What is a Lutheran church? Is it Christian?
Yes, indeed! In fact, Martin Luther himself preferred the simple label “Christian” best of all, but we call ourselves “Evangelical Lutheran” because Evangelical (which means “good news”) refers to the Good News of justification by grace alone through faith alone because of the work of Christ alone which we proclaim; and we we use Lutheran to distinguish ourselves from other Reformation movements.
Lutherans believe in the Triune God (Father, Son, and Holy Spirit). In the words of the Augsburg Confession, “[T]here is one divine essence which is called God and is God: eternal, incorporeal, indivisible, of immeasurable power, wisdom, and goodness, the creator and preserver of all things, visible and invisible. Yet, there are three persons, coeternal and of the same essence and power: the Father, the Son, and the Holy Spirit (Augsburg Confession, Article I).” We human beings have all fallen short (“all have sinned and fall short of the glory of God” Romans 3:23), and we need a Savior, who is Jesus Christ, the Son of God & our Lord, who justifies us before God as a free gift! Luther writes in the Small Catechism: “[Jesus] has purchased and freed me from all sins, from death, and from the power of the devil, not with gold or silver but with his holy precious blood and with his innocent suffering and death. He has done all this in order that I may belong to him, live under him in his kingdom, and serve him in eternal righteousness, innocence, and blessedness, just as he is risen from the dead and lives and rules eternally.” It’s the best, most wonderful, gift we could ever receive!
Lutherans are Christians, believing that we are justified by God’s grace alone. Nothing we can do can save us from sin and death. God’s finished work in the person of Jesus Christ alone saves. Thank you, Jesus!
Lutherans are Christians, believing that we are saved through faith alone. Faith isn’t something we do. It’s something we have. It’s something the Holy Spirit works in our hearts. To have faith means simply to trust God’s promise of grace freely given to us through Jesus Christ, without any merit of ours at all! Just as a baby trusts that their parent will not drop them, we trust in faith that God will not abandon us.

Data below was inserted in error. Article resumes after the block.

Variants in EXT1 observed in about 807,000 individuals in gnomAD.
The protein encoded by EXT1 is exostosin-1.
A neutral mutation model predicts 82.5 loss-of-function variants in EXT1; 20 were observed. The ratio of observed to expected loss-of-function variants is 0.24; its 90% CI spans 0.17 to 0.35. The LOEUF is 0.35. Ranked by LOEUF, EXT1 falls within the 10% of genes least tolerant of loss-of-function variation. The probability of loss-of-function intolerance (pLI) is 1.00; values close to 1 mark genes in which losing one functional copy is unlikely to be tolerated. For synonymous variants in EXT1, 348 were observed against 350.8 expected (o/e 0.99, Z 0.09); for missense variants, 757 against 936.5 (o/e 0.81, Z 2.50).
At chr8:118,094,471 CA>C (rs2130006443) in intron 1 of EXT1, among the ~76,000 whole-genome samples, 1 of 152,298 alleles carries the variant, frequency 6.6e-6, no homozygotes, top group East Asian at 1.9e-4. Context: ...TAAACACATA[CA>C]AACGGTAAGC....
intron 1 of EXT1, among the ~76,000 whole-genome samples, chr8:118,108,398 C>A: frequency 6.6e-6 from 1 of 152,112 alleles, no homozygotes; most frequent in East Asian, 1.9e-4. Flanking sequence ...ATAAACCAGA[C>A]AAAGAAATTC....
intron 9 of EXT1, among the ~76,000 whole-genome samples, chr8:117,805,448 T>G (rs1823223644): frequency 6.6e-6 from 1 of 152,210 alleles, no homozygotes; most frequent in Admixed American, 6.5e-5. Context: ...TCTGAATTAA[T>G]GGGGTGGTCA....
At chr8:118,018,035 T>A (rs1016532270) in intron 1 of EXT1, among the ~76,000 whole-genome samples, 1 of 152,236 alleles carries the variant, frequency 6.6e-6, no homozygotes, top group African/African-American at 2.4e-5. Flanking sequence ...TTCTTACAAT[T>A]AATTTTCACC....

Lutherans are Christians, believing that Scripture alone is the final authority in this world in our life of faith. Lutherans, therefore, are certainly “Bible-believing!” We celebrate God’s written word in the Bible contained in the Old & New Testaments, believing that it is inspired by the Holy Spirit.
Lutheranism is a “confessional” tradition of Christianity, which means that we believe that our unique theology as set forth in the Lutheran Confessions (the Apostles’ Creed, the Nicene Creed, the Augsburg Confession, & Luther’s Small & Large Catechisms, among other writings in the Book of Concord) is true and faithful exposition of biblical Christian faith. We believe that our uniquely Lutheran witness has ongoing relevance in our contemporary world. Our teachings on what is meant by grace & faith are what makes us Lutheran (not our worship style, or vestments, or hymns, any “external” things, or even our denominational affiliation).
What about the Sacraments?
Lutheran Christianity is a tradition of Word and Sacrament, believing that that sacraments are uniquely tangible Gospel proclamations for us. A sacrament is simply a material element (water, bread, wine, etc.) enclosed with the promises of God’s Word. As such, they are means of grace for us. They are not things that we do in our own “act of obedience,” nor are they things we earn for “being good” or having spiritually “arrived” somehow. We also do not see them as something we do for God. They are God’s work for us, God’s outpouring of undeserved grace. They are medicine for the soul.
Therefore, according to the pattern set forth in Scripture, we administer Holy Baptism with water in the Name of the Father, and of the Son, and of the Holy Spirit. Our normative method is to pour the water upon the head of the individual over the baptismal font in the context of Sunday worship, but there’s nothing prohibiting us from having the pastor baptize through full immersion in the lake, for instance! As long as there’s water and the Word, it’s all good! We baptize God’s children of all ages. There’s no “correct age” for baptism in our tradition, but we do baptize babies because of the New Testament witness that entire households were baptized; and because of what we believe baptism to be: God’s pouring out of unearned forgiveness and grace. The Christian life is a daily baptismal life: dying to sin and rising to new life, trusting God’s entire forgiveness of all our sins through Jesus, thereby raising us to a new life in Christ, to love God and neighbor. If you’ve never been baptized, we invite you to talk with the pastor! It’s God’s love poured out for you, free of charge!
As baptized Christians, we are the Body of Christ in the world. To give us strength for the journey, God has given us the great gift of Holy Communion. We might alternatively call it Eucharist (from a Greek word meaning “thanksgiving”), or the Sacrament of the Altar, or the Lord’s Supper, among other terms. We celebrate Holy Communion almost every Sunday morning, gathering as the family of God at the altar table to receive the Body and Blood of Christ our Lord, present “in, with, and under” the elements of bread and wine. We are what we eat: the Body of Christ! Will you join us at the table? God’s grace abounds!